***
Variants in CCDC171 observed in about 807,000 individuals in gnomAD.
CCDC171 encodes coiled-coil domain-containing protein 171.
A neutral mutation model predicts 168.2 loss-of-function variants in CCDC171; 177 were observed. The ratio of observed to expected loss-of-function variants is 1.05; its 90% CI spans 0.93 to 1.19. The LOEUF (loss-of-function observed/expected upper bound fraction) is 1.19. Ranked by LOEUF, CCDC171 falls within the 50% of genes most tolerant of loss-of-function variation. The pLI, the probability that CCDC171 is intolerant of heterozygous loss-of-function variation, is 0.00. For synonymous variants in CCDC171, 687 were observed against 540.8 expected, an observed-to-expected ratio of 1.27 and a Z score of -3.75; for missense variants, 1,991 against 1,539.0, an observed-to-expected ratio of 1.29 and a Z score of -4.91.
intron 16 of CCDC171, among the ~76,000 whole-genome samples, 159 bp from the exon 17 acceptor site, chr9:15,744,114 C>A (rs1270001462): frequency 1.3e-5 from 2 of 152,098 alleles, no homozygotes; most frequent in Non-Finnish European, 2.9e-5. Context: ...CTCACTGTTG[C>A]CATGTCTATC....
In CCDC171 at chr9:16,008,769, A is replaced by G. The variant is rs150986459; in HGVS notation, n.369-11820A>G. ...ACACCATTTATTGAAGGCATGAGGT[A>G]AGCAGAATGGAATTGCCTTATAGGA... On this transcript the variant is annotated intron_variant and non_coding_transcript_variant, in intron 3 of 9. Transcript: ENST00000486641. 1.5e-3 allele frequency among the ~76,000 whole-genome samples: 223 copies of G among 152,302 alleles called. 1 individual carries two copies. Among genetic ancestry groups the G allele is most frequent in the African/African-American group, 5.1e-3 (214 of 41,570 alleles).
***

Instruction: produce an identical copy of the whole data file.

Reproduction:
Variants in CCDC171 observed in about 807,000 individuals in gnomAD.
CCDC171 encodes coiled-coil domain-containing protein 171.
A neutral mutation model predicts 168.2 loss-of-function variants in CCDC171; 177 were observed. The ratio of observed to expected loss-of-function variants is 1.05; its 90% CI spans 0.93 to 1.19. The LOEUF (loss-of-function observed/expected upper bound fraction) is 1.19. Ranked by LOEUF, CCDC171 falls within the 50% of genes most tolerant of loss-of-function variation. The pLI, the probability that CCDC171 is intolerant of heterozygous loss-of-function variation, is 0.00. For synonymous variants in CCDC171, 687 were observed against 540.8 expected, an observed-to-expected ratio of 1.27 and a Z score of -3.75; for missense variants, 1,991 against 1,539.0, an observed-to-expected ratio of 1.29 and a Z score of -4.91.
intron 16 of CCDC171, among the ~76,000 whole-genome samples, 159 bp from the exon 17 acceptor site, chr9:15,744,114 C>A (rs1270001462): frequency 1.3e-5 from 2 of 152,098 alleles, no homozygotes; most frequent in Non-Finnish European, 2.9e-5. Context: ...CTCACTGTTG[C>A]CATGTCTATC....
In CCDC171 at chr9:16,008,769, A is replaced by G. The variant is rs150986459; in HGVS notation, n.369-11820A>G. ...ACACCATTTATTGAAGGCATGAGGT[A>G]AGCAGAATGGAATTGCCTTATAGGA... On this transcript the variant is annotated intron_variant and non_coding_transcript_variant, in intron 3 of 9. Transcript: ENST00000486641. 1.5e-3 allele frequency among the ~76,000 whole-genome samples: 223 copies of G among 152,302 alleles called. 1 individual carries two copies. Among genetic ancestry groups the G allele is most frequent in the African/African-American group, 5.1e-3 (214 of 41,570 alleles).